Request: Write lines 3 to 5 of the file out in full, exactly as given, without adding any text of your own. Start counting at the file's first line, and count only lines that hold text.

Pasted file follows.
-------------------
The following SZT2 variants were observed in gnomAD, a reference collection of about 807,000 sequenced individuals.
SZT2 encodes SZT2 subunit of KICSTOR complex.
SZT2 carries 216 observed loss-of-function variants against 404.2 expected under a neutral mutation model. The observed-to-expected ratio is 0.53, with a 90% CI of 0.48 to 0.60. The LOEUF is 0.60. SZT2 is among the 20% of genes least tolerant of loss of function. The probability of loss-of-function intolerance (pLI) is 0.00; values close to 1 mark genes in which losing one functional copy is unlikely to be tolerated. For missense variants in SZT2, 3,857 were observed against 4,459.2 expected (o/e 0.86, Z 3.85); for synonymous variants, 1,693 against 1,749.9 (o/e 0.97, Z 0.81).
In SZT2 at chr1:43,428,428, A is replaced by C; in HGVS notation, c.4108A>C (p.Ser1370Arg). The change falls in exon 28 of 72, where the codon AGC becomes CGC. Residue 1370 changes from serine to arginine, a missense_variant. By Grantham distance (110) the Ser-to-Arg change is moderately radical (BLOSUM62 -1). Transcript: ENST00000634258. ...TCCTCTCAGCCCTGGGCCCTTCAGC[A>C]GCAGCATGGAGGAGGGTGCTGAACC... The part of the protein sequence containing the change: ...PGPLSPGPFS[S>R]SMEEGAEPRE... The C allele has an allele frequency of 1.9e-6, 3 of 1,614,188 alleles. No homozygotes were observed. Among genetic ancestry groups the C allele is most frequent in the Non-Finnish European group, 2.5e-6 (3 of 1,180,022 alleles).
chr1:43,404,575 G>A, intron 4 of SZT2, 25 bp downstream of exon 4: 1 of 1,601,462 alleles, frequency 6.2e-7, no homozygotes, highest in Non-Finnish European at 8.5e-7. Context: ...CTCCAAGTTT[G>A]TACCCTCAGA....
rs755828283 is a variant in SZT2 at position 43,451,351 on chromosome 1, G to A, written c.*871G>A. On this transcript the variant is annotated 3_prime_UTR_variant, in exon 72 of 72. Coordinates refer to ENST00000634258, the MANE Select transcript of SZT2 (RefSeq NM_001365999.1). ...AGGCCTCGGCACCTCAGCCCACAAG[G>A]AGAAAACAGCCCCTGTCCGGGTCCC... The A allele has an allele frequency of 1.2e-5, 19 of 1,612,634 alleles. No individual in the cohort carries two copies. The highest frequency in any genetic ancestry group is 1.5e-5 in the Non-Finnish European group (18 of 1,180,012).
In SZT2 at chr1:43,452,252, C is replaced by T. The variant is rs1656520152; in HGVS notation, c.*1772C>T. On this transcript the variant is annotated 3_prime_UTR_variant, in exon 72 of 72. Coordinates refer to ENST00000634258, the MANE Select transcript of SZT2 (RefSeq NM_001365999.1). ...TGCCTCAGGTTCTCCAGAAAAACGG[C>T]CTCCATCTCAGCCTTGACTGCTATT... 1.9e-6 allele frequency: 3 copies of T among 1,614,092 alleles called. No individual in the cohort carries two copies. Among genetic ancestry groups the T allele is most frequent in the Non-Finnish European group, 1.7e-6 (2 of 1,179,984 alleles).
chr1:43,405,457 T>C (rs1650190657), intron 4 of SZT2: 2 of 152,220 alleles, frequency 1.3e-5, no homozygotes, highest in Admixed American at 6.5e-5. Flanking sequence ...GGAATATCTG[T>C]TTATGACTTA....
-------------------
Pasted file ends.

SZT2 carries 216 observed loss-of-function variants against 404.2 expected under a neutral mutation model. The observed-to-expected ratio is 0.53, with a 90% CI of 0.48 to 0.60. The LOEUF is 0.60. SZT2 is among the 20% of genes least tolerant of loss of function. The probability of loss-of-function intolerance (pLI) is 0.00; values close to 1 mark genes in which losing one functional copy is unlikely to be tolerated. For missense variants in SZT2, 3,857 were observed against 4,459.2 expected (o/e 0.86, Z 3.85); for synonymous variants, 1,693 against 1,749.9 (o/e 0.97, Z 0.81).
In SZT2 at chr1:43,428,428, A is replaced by C; in HGVS notation, c.4108A>C (p.Ser1370Arg). The change falls in exon 28 of 72, where the codon AGC becomes CGC. Residue 1370 changes from serine to arginine, a missense_variant. By Grantham distance (110) the Ser-to-Arg change is moderately radical (BLOSUM62 -1). Transcript: ENST00000634258. ...TCCTCTCAGCCCTGGGCCCTTCAGC[A>C]GCAGCATGGAGGAGGGTGCTGAACC... The part of the protein sequence containing the change: ...PGPLSPGPFS[S>R]SMEEGAEPRE... The C allele has an allele frequency of 1.9e-6, 3 of 1,614,188 alleles. No homozygotes were observed. Among genetic ancestry groups the C allele is most frequent in the Non-Finnish European group, 2.5e-6 (3 of 1,180,022 alleles).
chr1:43,404,575 G>A, intron 4 of SZT2, 25 bp downstream of exon 4: 1 of 1,601,462 alleles, frequency 6.2e-7, no homozygotes, highest in Non-Finnish European at 8.5e-7. Context: ...CTCCAAGTTT[G>A]TACCCTCAGA....